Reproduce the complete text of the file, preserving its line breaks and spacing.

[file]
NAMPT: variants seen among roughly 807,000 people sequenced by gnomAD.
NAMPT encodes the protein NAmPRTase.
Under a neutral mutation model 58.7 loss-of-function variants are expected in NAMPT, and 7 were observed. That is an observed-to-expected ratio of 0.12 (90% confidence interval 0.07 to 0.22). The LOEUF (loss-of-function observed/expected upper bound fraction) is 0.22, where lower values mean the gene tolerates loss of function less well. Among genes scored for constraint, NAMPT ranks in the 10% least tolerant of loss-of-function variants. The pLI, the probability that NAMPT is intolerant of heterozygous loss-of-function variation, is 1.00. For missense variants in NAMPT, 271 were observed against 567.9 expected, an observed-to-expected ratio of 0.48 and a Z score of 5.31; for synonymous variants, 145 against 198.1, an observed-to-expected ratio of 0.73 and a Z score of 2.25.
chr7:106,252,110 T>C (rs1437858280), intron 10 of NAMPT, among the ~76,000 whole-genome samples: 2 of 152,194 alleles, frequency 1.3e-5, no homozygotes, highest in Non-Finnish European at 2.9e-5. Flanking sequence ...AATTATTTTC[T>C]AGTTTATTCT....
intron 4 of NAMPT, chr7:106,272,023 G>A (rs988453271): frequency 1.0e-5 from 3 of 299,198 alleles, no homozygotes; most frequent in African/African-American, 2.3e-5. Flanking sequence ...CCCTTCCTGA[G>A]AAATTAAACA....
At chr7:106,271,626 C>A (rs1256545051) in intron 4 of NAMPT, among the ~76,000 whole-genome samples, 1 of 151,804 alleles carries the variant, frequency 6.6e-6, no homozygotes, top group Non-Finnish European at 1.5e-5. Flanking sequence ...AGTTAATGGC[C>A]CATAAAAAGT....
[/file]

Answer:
NAMPT: variants seen among roughly 807,000 people sequenced by gnomAD.
NAMPT encodes the protein NAmPRTase.
Under a neutral mutation model 58.7 loss-of-function variants are expected in NAMPT, and 7 were observed. That is an observed-to-expected ratio of 0.12 (90% confidence interval 0.07 to 0.22). The LOEUF (loss-of-function observed/expected upper bound fraction) is 0.22, where lower values mean the gene tolerates loss of function less well. Among genes scored for constraint, NAMPT ranks in the 10% least tolerant of loss-of-function variants. The pLI, the probability that NAMPT is intolerant of heterozygous loss-of-function variation, is 1.00. For missense variants in NAMPT, 271 were observed against 567.9 expected, an observed-to-expected ratio of 0.48 and a Z score of 5.31; for synonymous variants, 145 against 198.1, an observed-to-expected ratio of 0.73 and a Z score of 2.25.
chr7:106,252,110 T>C (rs1437858280), intron 10 of NAMPT, among the ~76,000 whole-genome samples: 2 of 152,194 alleles, frequency 1.3e-5, no homozygotes, highest in Non-Finnish European at 2.9e-5. Flanking sequence ...AATTATTTTC[T>C]AGTTTATTCT....
intron 4 of NAMPT, chr7:106,272,023 G>A (rs988453271): frequency 1.0e-5 from 3 of 299,198 alleles, no homozygotes; most frequent in African/African-American, 2.3e-5. Flanking sequence ...CCCTTCCTGA[G>A]AAATTAAACA....
At chr7:106,271,626 C>A (rs1256545051) in intron 4 of NAMPT, among the ~76,000 whole-genome samples, 1 of 151,804 alleles carries the variant, frequency 6.6e-6, no homozygotes, top group Non-Finnish European at 1.5e-5. Flanking sequence ...AGTTAATGGC[C>A]CATAAAAAGT....